Your book covers a topic of vast proportions – how did you go about it and how would you describe the finished product?

Indeed, I’ve covered the whole period of India and Myanmar’s relations, from ancient times to the present. It took me four years to research, with my research beginning in 2011 when Myanmar’s reform period began. And I did of course draw on my four years of experiences as an ambassador.
One aspect of my book that I’m very candid about talking about is one of the most talked-about dimensions of the relationship: China. I devoted a separate chapter to what I call the ‘India-China-Myanmar triangle.’ The other feature is that my book presents an Indian perspective on Myanmar polity, society, culture, foreign policy and economy. Although my book’s title is India-Myanmar: Changing Contours, it’s about much more than that: it’s about the surrounding region as well. I can also say that while I have tried to be objective, I did have an agenda. That agenda was to try to contribute to strengthening of relations between India and Myanmar.

As India already has so many trade partners, is the benefit you refer to Myanmar’s alone?

No, it’s a shared interest. First of all we are immediate neighbours. We’ve become close through history and we also share common challenges: both Myanmar and India want this region to be one of peace and harmony. Neither wants a single country to dominate the region. Both want to see a strong ASEAN. When I say ‘strengthen,’ it means a shared interest between India and Myanmar, and also for the region’s interests.

The Victoria Memorial in Kolkata, which was the capital of the British Indian empire - including Burma - until 1911. Photo - Jessica Mudditt
The Victoria Memorial in Kolkata, which was the capital of the British Indian empire – including Burma – until 1911. Photo – Jessica Mudditt

How would you describe the dynamics between India, Myanmar and China?

China has a legitimate reason to have good relations with Myanmar – after all they share borders and history. And similarly, the fact that India wants to have good relations with Myanmar also makes sense. One of my central questions was to find out what Myanmar wants, because it’s a country in the middle of two big giants and it’s being wooed by both. My own reading is that Myanmar does not want to choose one country over the other. Myanmar wants to have a cooperative relationship with both. It does not want either country to compete, much less confront one another over it. If we understand that, it becomes clear that all three countries should work for the harmonisation of interests in such a fashion that the stability and progress of Myanmar is assured.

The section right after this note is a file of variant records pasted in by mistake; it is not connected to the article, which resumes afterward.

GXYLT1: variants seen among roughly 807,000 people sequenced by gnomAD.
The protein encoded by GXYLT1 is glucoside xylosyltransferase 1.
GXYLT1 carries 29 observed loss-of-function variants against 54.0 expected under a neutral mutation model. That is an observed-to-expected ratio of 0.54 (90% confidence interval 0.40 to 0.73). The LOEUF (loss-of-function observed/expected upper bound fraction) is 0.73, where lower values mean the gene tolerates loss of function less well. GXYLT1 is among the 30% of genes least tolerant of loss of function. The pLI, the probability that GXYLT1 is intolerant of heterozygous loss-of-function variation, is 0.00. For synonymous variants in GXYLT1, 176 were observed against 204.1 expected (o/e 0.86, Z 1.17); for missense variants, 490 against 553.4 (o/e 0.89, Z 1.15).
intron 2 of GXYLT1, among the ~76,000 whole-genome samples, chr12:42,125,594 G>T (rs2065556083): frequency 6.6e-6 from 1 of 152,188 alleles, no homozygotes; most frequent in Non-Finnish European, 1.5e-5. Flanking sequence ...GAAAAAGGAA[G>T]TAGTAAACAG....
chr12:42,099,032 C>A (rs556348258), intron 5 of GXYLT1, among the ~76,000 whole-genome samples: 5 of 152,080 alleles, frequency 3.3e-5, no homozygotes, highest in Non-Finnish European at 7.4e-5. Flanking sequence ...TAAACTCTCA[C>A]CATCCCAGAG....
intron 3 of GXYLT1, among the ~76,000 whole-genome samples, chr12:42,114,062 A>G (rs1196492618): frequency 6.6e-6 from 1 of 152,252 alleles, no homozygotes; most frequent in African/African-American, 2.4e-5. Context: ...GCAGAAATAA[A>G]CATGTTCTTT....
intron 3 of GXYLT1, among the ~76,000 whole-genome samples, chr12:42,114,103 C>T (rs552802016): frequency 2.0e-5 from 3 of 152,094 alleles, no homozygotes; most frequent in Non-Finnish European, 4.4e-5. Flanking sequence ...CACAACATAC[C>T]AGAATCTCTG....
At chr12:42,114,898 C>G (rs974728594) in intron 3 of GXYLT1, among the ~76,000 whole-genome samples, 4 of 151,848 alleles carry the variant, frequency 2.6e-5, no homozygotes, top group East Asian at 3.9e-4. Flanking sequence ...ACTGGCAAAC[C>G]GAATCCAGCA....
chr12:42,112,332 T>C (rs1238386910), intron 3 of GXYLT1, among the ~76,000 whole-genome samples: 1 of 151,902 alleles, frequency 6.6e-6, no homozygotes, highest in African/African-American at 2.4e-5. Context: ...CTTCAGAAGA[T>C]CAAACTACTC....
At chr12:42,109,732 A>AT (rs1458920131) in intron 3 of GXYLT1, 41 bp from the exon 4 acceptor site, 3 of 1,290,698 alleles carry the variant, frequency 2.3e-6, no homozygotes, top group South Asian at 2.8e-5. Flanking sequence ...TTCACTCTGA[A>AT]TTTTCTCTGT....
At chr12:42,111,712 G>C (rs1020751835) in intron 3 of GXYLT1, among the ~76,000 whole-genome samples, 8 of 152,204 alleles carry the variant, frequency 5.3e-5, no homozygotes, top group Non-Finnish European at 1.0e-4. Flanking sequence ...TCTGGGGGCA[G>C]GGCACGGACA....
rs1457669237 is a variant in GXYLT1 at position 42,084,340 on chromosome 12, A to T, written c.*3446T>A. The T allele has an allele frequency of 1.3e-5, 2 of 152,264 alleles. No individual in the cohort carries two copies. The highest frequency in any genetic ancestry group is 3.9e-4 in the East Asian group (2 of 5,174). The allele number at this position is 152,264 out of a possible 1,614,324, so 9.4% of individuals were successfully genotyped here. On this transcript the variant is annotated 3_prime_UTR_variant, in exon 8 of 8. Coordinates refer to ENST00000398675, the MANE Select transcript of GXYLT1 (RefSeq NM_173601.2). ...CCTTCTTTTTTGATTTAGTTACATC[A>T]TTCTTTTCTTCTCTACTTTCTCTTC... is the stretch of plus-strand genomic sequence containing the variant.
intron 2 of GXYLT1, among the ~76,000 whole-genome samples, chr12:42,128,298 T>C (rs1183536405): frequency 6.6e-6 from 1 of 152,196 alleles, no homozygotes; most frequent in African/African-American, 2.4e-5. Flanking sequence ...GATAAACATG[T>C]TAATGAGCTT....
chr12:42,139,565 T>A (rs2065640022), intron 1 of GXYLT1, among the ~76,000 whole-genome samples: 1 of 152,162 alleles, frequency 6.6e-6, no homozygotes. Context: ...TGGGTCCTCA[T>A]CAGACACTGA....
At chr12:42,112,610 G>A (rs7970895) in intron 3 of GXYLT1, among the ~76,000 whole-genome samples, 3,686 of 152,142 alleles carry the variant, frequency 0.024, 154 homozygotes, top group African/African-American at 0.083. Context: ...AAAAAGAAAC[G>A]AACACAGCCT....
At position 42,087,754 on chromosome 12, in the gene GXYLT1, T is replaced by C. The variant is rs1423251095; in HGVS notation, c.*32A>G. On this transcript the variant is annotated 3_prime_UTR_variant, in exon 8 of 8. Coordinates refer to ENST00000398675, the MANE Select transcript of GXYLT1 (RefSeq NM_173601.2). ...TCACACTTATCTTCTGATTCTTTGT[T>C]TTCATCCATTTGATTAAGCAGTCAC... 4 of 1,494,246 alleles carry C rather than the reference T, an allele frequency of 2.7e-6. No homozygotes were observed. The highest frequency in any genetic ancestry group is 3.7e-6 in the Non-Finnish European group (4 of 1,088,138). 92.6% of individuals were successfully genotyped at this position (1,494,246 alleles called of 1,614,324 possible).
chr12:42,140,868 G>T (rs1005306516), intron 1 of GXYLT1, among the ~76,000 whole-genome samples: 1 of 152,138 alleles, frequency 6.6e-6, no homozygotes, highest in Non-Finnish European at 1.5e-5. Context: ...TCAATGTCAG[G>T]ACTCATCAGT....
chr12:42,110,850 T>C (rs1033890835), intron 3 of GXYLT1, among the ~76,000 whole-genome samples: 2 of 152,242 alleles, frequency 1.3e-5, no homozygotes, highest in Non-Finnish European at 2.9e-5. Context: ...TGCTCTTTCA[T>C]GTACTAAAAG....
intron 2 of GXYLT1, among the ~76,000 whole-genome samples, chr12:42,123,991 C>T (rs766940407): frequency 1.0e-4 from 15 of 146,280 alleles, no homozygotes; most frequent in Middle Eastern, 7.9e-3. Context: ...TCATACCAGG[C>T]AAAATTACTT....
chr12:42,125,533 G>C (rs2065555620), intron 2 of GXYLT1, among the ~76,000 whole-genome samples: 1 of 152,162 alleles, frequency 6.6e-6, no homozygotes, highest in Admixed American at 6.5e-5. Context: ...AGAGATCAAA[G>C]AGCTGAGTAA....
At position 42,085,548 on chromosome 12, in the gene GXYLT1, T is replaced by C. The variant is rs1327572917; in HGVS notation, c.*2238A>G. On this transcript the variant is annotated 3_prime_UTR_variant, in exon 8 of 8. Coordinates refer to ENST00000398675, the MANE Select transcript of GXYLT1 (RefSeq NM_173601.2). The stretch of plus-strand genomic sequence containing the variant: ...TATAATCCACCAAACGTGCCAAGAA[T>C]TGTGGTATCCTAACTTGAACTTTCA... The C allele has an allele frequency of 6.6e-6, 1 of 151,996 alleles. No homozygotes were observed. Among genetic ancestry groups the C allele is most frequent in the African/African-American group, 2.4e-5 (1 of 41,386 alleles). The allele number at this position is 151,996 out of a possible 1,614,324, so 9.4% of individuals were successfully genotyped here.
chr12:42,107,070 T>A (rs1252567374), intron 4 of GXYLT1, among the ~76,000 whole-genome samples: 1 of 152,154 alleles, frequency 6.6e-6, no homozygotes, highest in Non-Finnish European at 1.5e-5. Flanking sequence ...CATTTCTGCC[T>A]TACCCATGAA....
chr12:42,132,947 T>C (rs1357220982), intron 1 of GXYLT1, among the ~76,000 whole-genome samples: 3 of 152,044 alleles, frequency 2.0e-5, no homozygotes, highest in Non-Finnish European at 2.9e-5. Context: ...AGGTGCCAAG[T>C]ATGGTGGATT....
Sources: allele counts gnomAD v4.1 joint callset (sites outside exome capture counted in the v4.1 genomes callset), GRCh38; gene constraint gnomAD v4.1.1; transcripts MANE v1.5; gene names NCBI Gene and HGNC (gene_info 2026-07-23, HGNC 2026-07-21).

One of my central questions was to find out what Myanmar wants, because it’s a country in the middle of two big giants and it’s being wooed by both.

Would you agree that in comparison with China, India has been less actively engaged with Myanmar?

I must first say that China’s economy is about five times bigger than India’s. So if you were to just calculate the dollars and cents, then the answer is yes – China’s economic stakes are much bigger in Myanmar. But if you take a larger and deeper view, the bond between India and Myanmar is very, very close. Buddhism came from India, which defines Myanmar. There are cultural influences that came from India that remain today. During the British Raj, for five or six decades, Myanmar was ruled as part of British India. These are historical facts that cannot be denied. And in recent years, India has put in very substantial sums of money in various cooperation programmes – somewhere in the range of 1.5 to 2 billion dollars. That is not a small sum of money. So while China may have much bigger stakes, India’s are not small. I also believe that India is willing to do more, and that if Myanmar were to look a little bit more towards India, it will find India looking back towards it.

You mentioned that your book is written from an Indian perspective – please could you elaborate on that?